CNY in 2016: Our expert analysis and forecasts for the Chinese currency

Enrique Díaz-Álvarez06/May/2016Currency Updates

Currency markets continue to focus on the gaps in monetary policy that have opened up across the major economic areas. We see the Federal Reserve on track to increase interest rates twice in 2016, following their rate hike in December, with the Bank of England also hiking in the final quarter of 2016. By contrast, most other G10 central banks, in particular the ECB, remain overwhelmingly in easing mode.

The combination of expected monetary tightening by the Federal Reserve, and the closely related sharp falls in commodity prices, caused sell-offs in most emerging market currencies in January and February, particularly those from commodity exporting countries. However, the recent stabilisation of commodity prices has fuelled a partial rebound.

CNY peg and devaluation

After many years of being pegged against the US Dollar, the People’s Bank of China (PBoC) recently moved to a basket of currencies whose weights are set in rough relationship to their weight in Chinese trade. In addition to keeping track of this basket over the medium-term, the PBoC intervenes to prevent sharp daily moves (over 2%) against the US Dollar.

Since the the devaluation of the Yuan in August last year, when the fixing rate was moved around 3% lower against the USD in just one week, the currency has suffered a sharp depreciation against the US Dollar.

The Yuan fell to its weakest position in five years at the beginning of 2016, although has since recovered in line with a weak Dollar and stabilisation in Chinese financial markets (Figure 1).

Figure 1: Historical Evolution of USD/CNY (2011 – 2016)
Figure 1 Historical Evolution of USD CNY (2011 2016)

Source: Thomson Reuters Datastream Date: 06/05/2016

Economic slowdown

The recent CNY devaluation has come amid a notable economic slowdown in China. Economic growth fell to its lowest level in twenty-five years in 2015 (Figure 2), with the country overtaken by India as the fastest growing major economy in the world.

The economy grew by just 6.7% in the first quarter of 2016 and is now expected to register growth of around 6.5% this year and just 6.2% in 2017, well below the central bank’s seven percent target.

Figure 2: China Annual GDP Growth (2011 – 2016)
Figure 2 China Annual GDP Growth (2011 2016)

Source: Thomson Reuters Datastream Date: 06/05/2016

Industrial production and retail sales growth have both slowed, while the Yuan’s relative strength against the currencies of China’s major trading partners has caused exports to plunge. Exports fell by over 25% in the year to February, its largest decline in almost seven years.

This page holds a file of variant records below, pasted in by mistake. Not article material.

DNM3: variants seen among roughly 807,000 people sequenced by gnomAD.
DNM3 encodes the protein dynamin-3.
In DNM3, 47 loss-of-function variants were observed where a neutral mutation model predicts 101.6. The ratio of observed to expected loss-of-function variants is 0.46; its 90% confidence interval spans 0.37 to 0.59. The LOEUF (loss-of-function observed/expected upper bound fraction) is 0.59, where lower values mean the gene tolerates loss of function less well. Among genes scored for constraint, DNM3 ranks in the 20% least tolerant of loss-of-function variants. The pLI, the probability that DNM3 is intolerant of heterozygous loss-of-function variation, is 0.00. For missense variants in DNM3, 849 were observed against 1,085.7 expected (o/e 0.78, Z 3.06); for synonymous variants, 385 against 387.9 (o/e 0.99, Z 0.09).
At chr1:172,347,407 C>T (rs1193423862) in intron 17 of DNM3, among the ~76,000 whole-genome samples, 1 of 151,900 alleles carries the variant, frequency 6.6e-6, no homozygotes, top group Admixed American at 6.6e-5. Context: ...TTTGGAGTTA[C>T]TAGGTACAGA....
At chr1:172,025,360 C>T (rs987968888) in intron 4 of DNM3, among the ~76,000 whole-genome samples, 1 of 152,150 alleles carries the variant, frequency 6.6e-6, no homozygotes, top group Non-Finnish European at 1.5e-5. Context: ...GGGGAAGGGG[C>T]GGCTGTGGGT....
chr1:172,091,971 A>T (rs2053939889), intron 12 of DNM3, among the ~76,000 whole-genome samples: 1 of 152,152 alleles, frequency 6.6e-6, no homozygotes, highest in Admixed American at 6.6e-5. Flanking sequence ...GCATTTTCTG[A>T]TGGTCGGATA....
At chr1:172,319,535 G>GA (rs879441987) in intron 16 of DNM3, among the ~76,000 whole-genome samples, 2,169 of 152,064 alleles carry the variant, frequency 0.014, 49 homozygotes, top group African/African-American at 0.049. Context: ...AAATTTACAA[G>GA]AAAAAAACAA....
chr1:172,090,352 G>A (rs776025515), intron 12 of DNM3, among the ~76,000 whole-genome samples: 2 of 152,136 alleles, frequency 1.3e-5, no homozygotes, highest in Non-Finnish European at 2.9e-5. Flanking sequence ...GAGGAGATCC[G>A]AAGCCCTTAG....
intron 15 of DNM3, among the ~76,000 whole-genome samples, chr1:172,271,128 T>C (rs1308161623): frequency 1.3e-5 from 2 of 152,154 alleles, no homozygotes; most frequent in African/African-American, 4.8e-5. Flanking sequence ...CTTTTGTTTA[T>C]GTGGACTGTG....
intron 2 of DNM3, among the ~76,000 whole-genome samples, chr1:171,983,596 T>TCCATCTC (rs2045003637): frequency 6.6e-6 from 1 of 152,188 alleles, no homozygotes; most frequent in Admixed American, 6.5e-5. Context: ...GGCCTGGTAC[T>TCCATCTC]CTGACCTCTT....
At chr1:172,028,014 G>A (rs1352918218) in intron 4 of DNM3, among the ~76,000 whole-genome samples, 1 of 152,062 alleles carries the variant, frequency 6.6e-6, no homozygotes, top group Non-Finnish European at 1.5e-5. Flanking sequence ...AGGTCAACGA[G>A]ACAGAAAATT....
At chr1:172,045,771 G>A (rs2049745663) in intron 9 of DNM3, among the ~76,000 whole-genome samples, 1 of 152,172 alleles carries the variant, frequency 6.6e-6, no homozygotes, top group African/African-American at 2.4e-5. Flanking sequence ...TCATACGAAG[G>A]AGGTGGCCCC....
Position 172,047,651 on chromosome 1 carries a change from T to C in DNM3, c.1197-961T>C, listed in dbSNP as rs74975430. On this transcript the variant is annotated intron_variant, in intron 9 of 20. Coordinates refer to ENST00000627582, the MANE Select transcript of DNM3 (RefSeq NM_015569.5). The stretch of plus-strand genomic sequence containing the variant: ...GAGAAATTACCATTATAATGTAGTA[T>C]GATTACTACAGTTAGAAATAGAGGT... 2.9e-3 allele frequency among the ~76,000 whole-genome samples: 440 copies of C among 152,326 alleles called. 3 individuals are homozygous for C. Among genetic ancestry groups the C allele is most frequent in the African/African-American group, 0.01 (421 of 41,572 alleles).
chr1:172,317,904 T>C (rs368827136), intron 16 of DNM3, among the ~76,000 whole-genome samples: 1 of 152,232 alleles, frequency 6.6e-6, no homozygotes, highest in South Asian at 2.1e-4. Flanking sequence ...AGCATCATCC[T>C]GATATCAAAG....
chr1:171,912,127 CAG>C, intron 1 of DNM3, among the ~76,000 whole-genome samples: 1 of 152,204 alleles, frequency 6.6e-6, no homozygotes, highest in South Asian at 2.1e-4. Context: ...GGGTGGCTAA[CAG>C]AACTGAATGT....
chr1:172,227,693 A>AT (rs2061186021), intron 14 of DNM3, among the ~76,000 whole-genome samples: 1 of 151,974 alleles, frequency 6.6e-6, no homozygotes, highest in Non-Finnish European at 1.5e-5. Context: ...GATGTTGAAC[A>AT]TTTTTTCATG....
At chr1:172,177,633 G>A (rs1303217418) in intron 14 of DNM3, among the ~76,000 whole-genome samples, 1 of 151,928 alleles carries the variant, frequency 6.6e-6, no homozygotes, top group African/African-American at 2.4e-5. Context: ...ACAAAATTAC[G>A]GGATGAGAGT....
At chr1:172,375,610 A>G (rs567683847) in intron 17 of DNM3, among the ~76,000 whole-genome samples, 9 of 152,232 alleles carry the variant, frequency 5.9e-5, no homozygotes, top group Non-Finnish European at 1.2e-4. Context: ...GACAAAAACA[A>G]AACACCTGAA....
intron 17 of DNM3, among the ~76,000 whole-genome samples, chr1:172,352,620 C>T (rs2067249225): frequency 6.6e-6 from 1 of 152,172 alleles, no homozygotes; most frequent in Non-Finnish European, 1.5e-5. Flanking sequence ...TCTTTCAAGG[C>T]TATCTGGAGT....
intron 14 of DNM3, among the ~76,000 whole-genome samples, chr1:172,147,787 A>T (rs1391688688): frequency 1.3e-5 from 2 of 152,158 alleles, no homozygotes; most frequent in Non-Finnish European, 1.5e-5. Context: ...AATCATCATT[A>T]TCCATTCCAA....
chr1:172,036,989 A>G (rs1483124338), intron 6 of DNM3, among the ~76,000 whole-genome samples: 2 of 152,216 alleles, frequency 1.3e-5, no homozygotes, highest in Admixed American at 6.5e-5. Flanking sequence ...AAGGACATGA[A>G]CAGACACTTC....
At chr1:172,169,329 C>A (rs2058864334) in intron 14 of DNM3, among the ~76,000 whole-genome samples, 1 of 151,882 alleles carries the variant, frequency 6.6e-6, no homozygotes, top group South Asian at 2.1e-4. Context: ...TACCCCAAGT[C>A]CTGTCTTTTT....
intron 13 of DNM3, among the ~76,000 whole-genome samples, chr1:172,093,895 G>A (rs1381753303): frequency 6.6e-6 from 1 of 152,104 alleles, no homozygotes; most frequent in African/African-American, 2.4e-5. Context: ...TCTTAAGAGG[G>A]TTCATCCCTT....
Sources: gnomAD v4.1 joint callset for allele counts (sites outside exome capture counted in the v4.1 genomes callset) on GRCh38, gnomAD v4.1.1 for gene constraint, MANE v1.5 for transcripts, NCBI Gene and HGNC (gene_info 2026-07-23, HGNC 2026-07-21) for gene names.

Central bank intervention

In a bid to stimulate the stuttering Chinese economy, the central bank has been forced to conduct a series of interest rate cuts. The benchmark interest rate was lowered by 25 basis points to 4.35% in October, with a further slowdown this year likely to ramp up pressure on the People’s Bank of China to increase stimulus further.

Foreign exchange reserves in China have also continued to decline, with Chinese authorities selling US Dollars to support the Yuan and stem capital outflows. FX reserves have fallen by nearly a quarter in the past eighteen months to a near five year low (Figure 3).

Figure 3: China Foreign Exchange Reserves (2011 – 2016)
Figure 3 China Foreign Exchange Reserves (2011 2016)

Source: Thomson Reuters Datastream Date: 06/05/2016

Positive economic factors

The Yuan has, however, received some support from a stabilisation of Chinese financial markets following the sharp sell-off in stock markets witnessed throughout the second half of 2015.

We believe that there has been an excessive focus in China on the recent stock market decline and do not expect this to cause any further significant devaluation for the Chinese Yuan, given only 20% of Chinese wealth is held in shares.

After dropping sharply, FX reserves have also stabilised, reflecting valuation effects from Dollar weakness and a slowing on capital outflows as Chinese authorities tighten controls.

In addition, economic data has tended to surprise on the upside, including strong numbers in the leading PMI business sentiment indicator and above-estimate first quarter GDP growth.

One of China’s key long term goals is the internationalisation of the Yuan as a means of exchange and store of value. Any further sharp devaluation would shake confidence in the Chinese currency and be ultimately self-defeating. Further, a weaker CNY would run counter to the goal of rebalancing the Chinese economy, away from investment and towards domestic consumption.

We therefore continue to believe that Chinese authorities will stand by their implicit goal of keeping the Yuan stable against its trade-weighted basket of currencies.

What does the future hold for CNY?

With the divergence in monetary policy stances between the Bank of Japan, European Central Bank and Federal Reserve likely to send the Yen and Euro lower against the Yuan, we forecast only gradual losses for CNY against the US Dollar from current levels.

Our forecasts for CNY are as follows:

Q2-2016 6.6 7.05 9.45
Q3-2016 6.7 6.9 9.8
E-2016 6.75 6.7 9.85
Q1-2017 6.76 6.5 9.87
E-2017 6.8 6.45 9.95


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Written by Enrique Díaz-Álvarez

Chief Risk Officer at Ebury. Committed to mitigating FX risk through tailored strategies, detailed market insight, and FXFC forecasting for Bloomberg.